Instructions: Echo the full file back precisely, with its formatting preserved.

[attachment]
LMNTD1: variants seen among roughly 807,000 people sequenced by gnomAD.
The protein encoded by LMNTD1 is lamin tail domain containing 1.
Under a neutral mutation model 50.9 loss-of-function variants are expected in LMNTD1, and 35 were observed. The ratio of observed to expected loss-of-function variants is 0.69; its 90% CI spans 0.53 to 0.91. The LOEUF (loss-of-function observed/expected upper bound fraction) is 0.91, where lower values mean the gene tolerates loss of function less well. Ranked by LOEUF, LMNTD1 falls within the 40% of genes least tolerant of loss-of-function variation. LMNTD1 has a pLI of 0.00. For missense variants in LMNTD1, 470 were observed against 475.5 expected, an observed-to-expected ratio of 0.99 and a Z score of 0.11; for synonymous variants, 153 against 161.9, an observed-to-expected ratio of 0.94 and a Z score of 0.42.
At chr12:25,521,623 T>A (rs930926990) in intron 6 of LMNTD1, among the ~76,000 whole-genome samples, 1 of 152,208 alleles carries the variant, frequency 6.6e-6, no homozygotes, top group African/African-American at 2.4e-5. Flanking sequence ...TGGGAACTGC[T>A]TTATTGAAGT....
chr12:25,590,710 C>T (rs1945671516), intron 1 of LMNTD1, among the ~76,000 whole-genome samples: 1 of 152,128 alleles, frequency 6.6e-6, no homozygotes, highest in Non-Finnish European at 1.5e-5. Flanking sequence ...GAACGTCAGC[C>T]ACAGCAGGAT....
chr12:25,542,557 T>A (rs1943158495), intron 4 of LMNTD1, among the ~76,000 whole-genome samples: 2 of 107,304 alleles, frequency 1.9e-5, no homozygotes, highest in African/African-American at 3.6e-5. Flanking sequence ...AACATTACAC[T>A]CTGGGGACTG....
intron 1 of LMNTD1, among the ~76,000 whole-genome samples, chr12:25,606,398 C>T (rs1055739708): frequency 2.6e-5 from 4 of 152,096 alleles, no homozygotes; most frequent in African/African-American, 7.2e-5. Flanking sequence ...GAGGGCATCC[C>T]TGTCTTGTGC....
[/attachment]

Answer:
LMNTD1: variants seen among roughly 807,000 people sequenced by gnomAD.
The protein encoded by LMNTD1 is lamin tail domain containing 1.
Under a neutral mutation model 50.9 loss-of-function variants are expected in LMNTD1, and 35 were observed. The ratio of observed to expected loss-of-function variants is 0.69; its 90% CI spans 0.53 to 0.91. The LOEUF (loss-of-function observed/expected upper bound fraction) is 0.91, where lower values mean the gene tolerates loss of function less well. Ranked by LOEUF, LMNTD1 falls within the 40% of genes least tolerant of loss-of-function variation. LMNTD1 has a pLI of 0.00. For missense variants in LMNTD1, 470 were observed against 475.5 expected, an observed-to-expected ratio of 0.99 and a Z score of 0.11; for synonymous variants, 153 against 161.9, an observed-to-expected ratio of 0.94 and a Z score of 0.42.
At chr12:25,521,623 T>A (rs930926990) in intron 6 of LMNTD1, among the ~76,000 whole-genome samples, 1 of 152,208 alleles carries the variant, frequency 6.6e-6, no homozygotes, top group African/African-American at 2.4e-5. Flanking sequence ...TGGGAACTGC[T>A]TTATTGAAGT....
chr12:25,590,710 C>T (rs1945671516), intron 1 of LMNTD1, among the ~76,000 whole-genome samples: 1 of 152,128 alleles, frequency 6.6e-6, no homozygotes, highest in Non-Finnish European at 1.5e-5. Flanking sequence ...GAACGTCAGC[C>T]ACAGCAGGAT....
chr12:25,542,557 T>A (rs1943158495), intron 4 of LMNTD1, among the ~76,000 whole-genome samples: 2 of 107,304 alleles, frequency 1.9e-5, no homozygotes, highest in African/African-American at 3.6e-5. Flanking sequence ...AACATTACAC[T>A]CTGGGGACTG....
intron 1 of LMNTD1, among the ~76,000 whole-genome samples, chr12:25,606,398 C>T (rs1055739708): frequency 2.6e-5 from 4 of 152,096 alleles, no homozygotes; most frequent in African/African-American, 7.2e-5. Flanking sequence ...GAGGGCATCC[C>T]TGTCTTGTGC....